Dow and Babcock also got into a tense exchange when they turned to the issue of the computer problems Dow argues TDS experienced on Richard's execution day. Babcock has been contending that TDS did not have the computer problems Dow has claimed. Babcock said Dow had testified in his deposition that the TDS office administrator called Bayou City Connected when the computer problems occurred, but that was not TDS' service provider at the time. Babcock said Dow's attorney provided the name of another service provider, but that information was inaccurate.
Babcock said he finally received invoices for the company that was TDS' service provider 20 minutes before the hearing began Tuesday. Dow said he was mistaken about who the "IT person" was. "I would characterize it as a mistake rather than a lie," he testified. But Babcock said that characterization is not up to Dow. Sharon Keller is scheduled to be the next witness on the stand.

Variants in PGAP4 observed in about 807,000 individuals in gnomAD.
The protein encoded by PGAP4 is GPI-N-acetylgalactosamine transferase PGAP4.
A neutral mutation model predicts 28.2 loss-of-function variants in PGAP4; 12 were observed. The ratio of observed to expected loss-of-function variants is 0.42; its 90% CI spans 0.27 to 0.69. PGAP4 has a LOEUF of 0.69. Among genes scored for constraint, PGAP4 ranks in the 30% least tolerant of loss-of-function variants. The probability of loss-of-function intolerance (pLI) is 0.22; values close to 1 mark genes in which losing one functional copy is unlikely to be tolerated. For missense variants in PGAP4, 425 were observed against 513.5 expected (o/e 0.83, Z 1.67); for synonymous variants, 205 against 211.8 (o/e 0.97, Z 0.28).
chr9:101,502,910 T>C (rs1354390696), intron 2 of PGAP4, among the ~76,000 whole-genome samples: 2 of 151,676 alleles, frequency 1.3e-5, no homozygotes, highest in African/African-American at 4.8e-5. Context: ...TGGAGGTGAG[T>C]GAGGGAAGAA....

-- Aug. 18, 4:11 p.m.
DAVID DOW TAKES THE STAND
The litigation director for Texas Defender Service said Tuesday that he did not consider calling a Court of Criminal Appeals judge to request acceptance of a filing on behalf of Michael Richard on Sept. 25, 2007.
Testifying on the second day of CCA Presiding Judge Sharon Keller's hearing on ethics charges, University of Houston Law Center professor David Dow said he did not know or was not aware he could use Texas Rule of Appellate Procedure 9.2 to call a judge on the criminal appeals court "when we're told the court was closed." Under questioning by Mike McKetta, Dow also said he didn't consider calling then CCA general counsel Ed Marty because he assumed it would not do any good.
-- Aug. 18, 11:59 a.m.
SECOND DAY OF HEARINGS BEGIN